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What can the Taylor rule tell us about a currency union between New Zealand and Australia?

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The merits of a trans-Tasman currency union have been debated in both New Zealand and Australia. It has been suggested that the New Zealand economy may not behave too differently from at least some of the Australian states, ie they have similar characteristics and they face similar shocks. We test this, under the presumption that the differences in Taylor rule implied interest rate paths for different regions over a business cycle can give us some indication about the nature of the differences in "aggregate" shocks that hit different economies. We compare the implied Taylor rule interest rates for the Australian states to the implied Taylor rule rates for New Zealand. We also compare them to the realised 90 day rates. We find that the Taylor rule implied interest rate paths in Australian regions and in New Zealand are not very different.

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File URL: http://www.rbnz.govt.nz/research_and_publications/discussion_papers/2004/dp04_05.pdf
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Paper provided by Reserve Bank of New Zealand in its series Reserve Bank of New Zealand Discussion Paper Series with number DP 2004/05.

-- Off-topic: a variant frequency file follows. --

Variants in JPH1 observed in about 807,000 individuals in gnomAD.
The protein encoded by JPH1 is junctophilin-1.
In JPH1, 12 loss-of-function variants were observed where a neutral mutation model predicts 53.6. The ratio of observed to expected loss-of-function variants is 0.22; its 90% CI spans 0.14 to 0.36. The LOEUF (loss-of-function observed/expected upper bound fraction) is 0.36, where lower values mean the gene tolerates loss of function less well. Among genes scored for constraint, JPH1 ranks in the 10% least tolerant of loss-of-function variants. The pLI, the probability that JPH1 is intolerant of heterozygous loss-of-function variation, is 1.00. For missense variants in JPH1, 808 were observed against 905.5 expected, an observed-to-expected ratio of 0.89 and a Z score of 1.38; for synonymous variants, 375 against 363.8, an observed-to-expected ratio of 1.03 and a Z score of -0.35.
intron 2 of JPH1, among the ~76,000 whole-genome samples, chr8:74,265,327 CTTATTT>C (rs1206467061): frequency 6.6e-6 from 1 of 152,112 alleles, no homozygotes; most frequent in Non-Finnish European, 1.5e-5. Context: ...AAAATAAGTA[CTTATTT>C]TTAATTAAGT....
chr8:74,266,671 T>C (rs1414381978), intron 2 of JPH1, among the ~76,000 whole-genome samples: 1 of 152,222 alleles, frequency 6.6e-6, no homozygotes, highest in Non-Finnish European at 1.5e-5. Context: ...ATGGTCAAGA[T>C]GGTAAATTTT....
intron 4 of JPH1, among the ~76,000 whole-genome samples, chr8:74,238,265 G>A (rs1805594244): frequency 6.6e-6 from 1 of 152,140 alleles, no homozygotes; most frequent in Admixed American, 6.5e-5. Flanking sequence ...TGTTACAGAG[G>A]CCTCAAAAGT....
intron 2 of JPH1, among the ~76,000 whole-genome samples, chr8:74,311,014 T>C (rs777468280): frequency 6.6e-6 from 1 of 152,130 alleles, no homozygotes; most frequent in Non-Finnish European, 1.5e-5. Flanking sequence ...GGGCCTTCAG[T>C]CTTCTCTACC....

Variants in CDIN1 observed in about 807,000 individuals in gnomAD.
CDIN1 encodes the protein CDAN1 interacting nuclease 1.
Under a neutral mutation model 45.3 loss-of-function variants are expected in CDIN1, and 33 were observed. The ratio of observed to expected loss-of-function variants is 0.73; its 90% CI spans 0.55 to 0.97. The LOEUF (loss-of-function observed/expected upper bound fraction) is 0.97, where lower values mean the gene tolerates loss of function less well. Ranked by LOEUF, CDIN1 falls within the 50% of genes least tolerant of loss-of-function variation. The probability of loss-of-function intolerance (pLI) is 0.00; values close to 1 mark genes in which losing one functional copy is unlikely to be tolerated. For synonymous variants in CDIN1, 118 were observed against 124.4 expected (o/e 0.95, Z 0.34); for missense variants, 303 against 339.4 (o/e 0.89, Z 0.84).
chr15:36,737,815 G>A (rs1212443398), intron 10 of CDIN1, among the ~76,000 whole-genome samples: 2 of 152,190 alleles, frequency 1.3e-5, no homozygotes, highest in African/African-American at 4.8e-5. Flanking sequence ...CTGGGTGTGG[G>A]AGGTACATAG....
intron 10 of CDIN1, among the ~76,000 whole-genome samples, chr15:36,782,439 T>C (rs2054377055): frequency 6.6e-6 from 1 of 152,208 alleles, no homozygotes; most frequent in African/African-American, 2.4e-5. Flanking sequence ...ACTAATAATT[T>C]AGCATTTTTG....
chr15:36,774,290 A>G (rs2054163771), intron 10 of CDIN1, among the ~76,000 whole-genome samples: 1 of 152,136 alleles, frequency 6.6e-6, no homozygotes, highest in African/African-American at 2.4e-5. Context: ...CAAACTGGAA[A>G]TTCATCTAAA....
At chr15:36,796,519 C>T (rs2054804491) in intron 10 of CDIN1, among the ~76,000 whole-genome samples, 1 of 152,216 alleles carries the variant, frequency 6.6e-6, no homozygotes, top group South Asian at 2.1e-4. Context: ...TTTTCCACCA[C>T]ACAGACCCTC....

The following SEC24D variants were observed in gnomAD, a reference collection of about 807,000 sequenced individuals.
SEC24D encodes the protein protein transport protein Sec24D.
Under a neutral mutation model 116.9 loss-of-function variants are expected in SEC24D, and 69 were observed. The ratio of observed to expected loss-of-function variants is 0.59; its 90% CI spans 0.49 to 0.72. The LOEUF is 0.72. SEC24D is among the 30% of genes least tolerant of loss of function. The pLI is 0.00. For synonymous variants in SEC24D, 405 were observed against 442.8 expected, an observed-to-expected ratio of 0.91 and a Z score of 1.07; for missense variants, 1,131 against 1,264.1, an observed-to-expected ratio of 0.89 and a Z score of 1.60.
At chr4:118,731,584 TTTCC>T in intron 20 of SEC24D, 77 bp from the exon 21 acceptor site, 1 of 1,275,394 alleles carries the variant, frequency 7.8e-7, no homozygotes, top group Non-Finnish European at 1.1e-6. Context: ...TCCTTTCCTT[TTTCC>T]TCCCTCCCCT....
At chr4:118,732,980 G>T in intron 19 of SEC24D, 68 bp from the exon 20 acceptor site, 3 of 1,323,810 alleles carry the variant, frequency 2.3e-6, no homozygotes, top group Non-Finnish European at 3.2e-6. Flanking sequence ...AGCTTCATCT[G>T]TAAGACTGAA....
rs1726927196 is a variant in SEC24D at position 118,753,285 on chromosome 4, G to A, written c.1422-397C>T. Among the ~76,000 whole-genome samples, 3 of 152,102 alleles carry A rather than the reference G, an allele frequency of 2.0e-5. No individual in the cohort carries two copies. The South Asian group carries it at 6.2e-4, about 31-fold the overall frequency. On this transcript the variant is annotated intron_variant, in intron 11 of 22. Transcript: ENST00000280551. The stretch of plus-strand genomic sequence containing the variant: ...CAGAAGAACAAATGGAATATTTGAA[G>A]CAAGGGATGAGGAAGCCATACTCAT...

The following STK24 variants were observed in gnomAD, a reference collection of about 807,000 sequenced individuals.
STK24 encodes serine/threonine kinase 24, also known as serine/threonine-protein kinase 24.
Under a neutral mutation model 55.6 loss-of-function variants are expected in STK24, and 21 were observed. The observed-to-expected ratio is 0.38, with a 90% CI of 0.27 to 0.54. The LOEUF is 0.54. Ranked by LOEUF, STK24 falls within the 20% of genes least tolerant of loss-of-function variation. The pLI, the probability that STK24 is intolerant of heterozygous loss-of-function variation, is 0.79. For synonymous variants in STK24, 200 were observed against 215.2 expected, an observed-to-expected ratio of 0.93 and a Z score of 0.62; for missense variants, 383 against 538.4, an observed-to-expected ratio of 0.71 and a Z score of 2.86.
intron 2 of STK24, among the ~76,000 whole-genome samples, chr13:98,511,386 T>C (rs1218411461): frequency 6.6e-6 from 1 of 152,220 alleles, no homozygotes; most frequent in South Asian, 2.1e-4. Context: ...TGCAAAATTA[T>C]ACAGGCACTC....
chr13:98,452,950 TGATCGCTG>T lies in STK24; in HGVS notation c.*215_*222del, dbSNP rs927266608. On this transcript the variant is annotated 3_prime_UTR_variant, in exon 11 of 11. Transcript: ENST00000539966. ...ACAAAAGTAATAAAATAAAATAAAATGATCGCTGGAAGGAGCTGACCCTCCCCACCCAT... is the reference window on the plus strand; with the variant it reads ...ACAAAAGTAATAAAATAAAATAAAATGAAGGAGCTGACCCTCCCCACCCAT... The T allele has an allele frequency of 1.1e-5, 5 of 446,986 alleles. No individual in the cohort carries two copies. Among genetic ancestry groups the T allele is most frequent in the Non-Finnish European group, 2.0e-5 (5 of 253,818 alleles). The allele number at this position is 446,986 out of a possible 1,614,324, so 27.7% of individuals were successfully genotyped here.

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Length: 14 p
Date of creation: Jun 2004
Date of revision:
Handle: RePEc:nzb:nzbdps:2004/05

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  1. Hodrick, Robert J & Prescott, Edward C, 1997. "Postwar U.S. Business Cycles: An Empirical Investigation," Journal of Money, Credit and Banking, Blackwell Publishing, vol. 29(1), pages 1-16, February.
  2. Ken West, 2003. "Monetary policy and the volatility of real exchange rates in New Zealand," Reserve Bank of New Zealand Discussion Paper Series DP2003/09, Reserve Bank of New Zealand.
  3. Tamim Bayoumi and Barry Eichengreen., 1992. "Shocking Aspects of European Monetary Unification," Economics Working Papers 92-187, University of California at Berkeley.
  4. Aaron Drew & Viv Hall & John McDermott & Robert St. Clair, 2001. "Would adopting the Australian dollar provide superior monetary policy in New Zealand?," Reserve Bank of New Zealand Discussion Paper Series DP2001/03, Reserve Bank of New Zealand.
  5. Alberto Alesina & Robert J. Barro, 2000. "Currency Unions," NBER Working Papers 7927, National Bureau of Economic Research, Inc.
  6. David Hargreaves, 2003. "Monetary policy and the volatility of real exchange rates in New Zealand," Reserve Bank of New Zealand Bulletin, Reserve Bank of New Zealand, vol. 66, pages 2, September.
  7. Paul Conway, 1998. "Macroeconomic variability in New Zealand: An SVAR study," New Zealand Economic Papers, Taylor & Francis Journals, vol. 32(2), pages 161-186.
  8. Huang, Angela & Margaritis, Dimitri & Mayes, David, 2001. "Monetary policy rules in practice: Evidence from New Zealand," Research Discussion Papers 18/2001, Bank of Finland.
  9. Murray, John, 1999. "Why Canada Needs a Flexible Exchange Rate," Working Papers 99-12, Bank of Canada.
  10. repec:fth:bfdipa:18/2001 is not listed on IDEAS
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